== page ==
Programs: AA LT Gold 1.8 MM flying my way to LT PLAT
Posts: 10,953
thanks for posting this!

Quote:
Originally Posted by msv View Post
Incidentally I went to a physician thinking I might have a DVT and he said no way and sent me on my way with some steroids to mask the pain. Because I was taking a long flight and hiking in the Rocky Mts I went to a vein specialist the day before who also thought based on my age and excercise routine I couldn't possibly have one it wasn't until I relayed the pain the night before when I felt the Pulmonary Embolism let go that he did a doppler of my leg. After that I literally walked across the parking lot to the ER when it was determined that I had a massive PE. I was in the hospital a short time before my vital signs went ballistic. For all you FTer's that sit for long periods in a seat you should absolutely be thinking this can happen to me! You should all read up on what the sensation of a DVT is too. For me it was a sensation of heavyness and heat in my calf and suddenly it became very painful when I was getting up out of bed. The airlines know the risk and that's why they included the excercises in the in flight mag.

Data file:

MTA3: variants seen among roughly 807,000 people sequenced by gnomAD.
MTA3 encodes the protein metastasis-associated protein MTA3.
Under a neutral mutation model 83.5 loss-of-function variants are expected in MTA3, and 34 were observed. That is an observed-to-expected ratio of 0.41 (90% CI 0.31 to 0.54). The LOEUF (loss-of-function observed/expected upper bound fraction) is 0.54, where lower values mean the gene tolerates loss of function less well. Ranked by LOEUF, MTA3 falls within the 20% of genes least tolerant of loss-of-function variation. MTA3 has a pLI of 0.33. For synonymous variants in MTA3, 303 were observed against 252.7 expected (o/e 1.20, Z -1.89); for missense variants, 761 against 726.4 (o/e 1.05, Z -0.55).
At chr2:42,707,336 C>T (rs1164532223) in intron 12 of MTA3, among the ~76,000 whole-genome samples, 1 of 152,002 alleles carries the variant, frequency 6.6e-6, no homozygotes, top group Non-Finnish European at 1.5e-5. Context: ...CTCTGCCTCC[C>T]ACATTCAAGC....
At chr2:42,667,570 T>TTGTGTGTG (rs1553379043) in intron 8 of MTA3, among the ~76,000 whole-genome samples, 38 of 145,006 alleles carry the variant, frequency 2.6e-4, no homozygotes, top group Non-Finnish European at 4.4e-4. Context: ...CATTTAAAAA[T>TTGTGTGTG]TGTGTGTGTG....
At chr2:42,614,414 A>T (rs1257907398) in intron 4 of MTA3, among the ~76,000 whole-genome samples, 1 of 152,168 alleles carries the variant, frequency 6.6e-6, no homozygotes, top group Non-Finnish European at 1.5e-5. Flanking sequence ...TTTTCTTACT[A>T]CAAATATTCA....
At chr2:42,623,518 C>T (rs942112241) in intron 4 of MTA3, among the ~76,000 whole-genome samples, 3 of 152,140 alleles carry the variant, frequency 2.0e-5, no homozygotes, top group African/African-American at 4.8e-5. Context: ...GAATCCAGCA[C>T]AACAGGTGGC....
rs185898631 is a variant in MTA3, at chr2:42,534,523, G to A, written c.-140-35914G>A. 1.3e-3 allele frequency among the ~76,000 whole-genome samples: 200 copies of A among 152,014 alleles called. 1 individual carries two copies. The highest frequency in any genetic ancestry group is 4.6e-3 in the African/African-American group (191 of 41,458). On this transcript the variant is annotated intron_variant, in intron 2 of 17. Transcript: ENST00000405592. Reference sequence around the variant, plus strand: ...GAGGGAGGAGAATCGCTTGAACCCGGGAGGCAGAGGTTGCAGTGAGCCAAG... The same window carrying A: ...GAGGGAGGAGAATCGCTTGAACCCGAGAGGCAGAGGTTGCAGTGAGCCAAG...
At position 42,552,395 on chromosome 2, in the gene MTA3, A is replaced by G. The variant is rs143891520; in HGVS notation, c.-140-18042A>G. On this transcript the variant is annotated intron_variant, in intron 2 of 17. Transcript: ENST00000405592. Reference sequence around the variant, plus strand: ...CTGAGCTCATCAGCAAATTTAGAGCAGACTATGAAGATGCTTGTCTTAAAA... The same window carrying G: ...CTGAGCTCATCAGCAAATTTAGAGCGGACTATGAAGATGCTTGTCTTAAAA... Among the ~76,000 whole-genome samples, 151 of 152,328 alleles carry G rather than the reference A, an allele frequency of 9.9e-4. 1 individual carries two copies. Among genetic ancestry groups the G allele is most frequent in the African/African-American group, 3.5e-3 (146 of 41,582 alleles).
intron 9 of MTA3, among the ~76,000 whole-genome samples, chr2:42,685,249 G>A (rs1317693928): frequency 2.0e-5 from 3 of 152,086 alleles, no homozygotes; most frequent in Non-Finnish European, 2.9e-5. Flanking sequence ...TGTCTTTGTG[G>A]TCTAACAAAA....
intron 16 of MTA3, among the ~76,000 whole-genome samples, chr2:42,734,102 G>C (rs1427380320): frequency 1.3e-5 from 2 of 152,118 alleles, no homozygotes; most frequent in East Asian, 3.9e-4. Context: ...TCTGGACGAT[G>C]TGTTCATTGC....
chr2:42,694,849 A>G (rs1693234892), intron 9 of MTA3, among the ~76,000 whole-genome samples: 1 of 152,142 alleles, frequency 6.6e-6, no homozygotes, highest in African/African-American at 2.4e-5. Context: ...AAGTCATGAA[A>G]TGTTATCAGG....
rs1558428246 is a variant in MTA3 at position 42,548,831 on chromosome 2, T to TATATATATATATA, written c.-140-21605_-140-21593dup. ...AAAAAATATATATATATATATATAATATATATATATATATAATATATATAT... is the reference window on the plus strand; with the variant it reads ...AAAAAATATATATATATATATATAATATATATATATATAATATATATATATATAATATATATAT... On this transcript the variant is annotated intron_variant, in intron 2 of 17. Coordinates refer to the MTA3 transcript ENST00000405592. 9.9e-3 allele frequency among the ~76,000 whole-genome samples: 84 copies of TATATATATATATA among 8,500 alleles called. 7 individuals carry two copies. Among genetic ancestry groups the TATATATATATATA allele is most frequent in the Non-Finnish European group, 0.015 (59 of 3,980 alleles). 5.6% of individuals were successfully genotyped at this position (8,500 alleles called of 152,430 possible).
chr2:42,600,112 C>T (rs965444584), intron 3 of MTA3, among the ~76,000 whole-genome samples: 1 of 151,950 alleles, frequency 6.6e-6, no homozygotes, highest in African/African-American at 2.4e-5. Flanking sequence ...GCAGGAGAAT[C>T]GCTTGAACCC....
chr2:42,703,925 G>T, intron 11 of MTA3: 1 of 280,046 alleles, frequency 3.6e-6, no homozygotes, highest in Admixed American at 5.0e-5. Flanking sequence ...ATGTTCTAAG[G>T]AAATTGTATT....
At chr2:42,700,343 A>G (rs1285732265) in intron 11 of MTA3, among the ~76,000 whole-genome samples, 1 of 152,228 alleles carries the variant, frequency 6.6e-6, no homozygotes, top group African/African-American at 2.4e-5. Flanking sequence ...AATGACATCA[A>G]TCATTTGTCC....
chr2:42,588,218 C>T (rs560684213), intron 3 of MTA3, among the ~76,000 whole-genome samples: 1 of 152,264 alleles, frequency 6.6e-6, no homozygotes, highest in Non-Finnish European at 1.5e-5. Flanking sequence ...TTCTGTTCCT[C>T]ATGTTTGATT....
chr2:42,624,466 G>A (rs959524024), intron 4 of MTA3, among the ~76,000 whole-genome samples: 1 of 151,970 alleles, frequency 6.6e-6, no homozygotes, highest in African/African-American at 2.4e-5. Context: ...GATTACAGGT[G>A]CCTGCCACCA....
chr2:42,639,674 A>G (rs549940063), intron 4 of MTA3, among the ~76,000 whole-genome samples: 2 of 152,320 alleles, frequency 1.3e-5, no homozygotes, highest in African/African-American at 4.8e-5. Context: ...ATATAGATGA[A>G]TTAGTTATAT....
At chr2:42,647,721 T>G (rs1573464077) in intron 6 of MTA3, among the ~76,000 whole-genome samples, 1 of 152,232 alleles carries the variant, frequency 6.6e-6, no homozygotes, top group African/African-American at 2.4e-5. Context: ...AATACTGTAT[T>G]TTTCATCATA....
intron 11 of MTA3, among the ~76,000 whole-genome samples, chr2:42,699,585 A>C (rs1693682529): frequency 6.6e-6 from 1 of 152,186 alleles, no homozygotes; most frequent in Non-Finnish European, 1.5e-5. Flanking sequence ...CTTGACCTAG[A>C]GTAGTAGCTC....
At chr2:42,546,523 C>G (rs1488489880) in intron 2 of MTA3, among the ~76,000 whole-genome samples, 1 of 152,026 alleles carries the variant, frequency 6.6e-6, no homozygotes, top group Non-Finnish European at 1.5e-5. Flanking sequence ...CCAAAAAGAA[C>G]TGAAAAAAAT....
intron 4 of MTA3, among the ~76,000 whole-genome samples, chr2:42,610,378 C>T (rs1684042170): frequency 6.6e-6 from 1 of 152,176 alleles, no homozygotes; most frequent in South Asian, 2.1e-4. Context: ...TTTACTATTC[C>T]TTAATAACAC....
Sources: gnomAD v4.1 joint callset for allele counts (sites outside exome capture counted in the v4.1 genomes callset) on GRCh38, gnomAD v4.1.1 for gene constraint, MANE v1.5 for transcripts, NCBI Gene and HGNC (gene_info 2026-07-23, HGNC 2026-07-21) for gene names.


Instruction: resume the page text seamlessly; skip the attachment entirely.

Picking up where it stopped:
We had a colleague get DVT. His wife saved his life by nagging him into the ER.

I had a very bad leg injury years ago and have always been concerned about DVT. I have counted on my short stature giving me extra room on flights to prevent problems as I can move around.

Information such as you give is so valuable.

Thank you!
oldpenny16 is offline   Reply With Quote
Old Mar 1, 08, 1:27 pm   #6
 
Join Date: Apr 2005
Posts: 557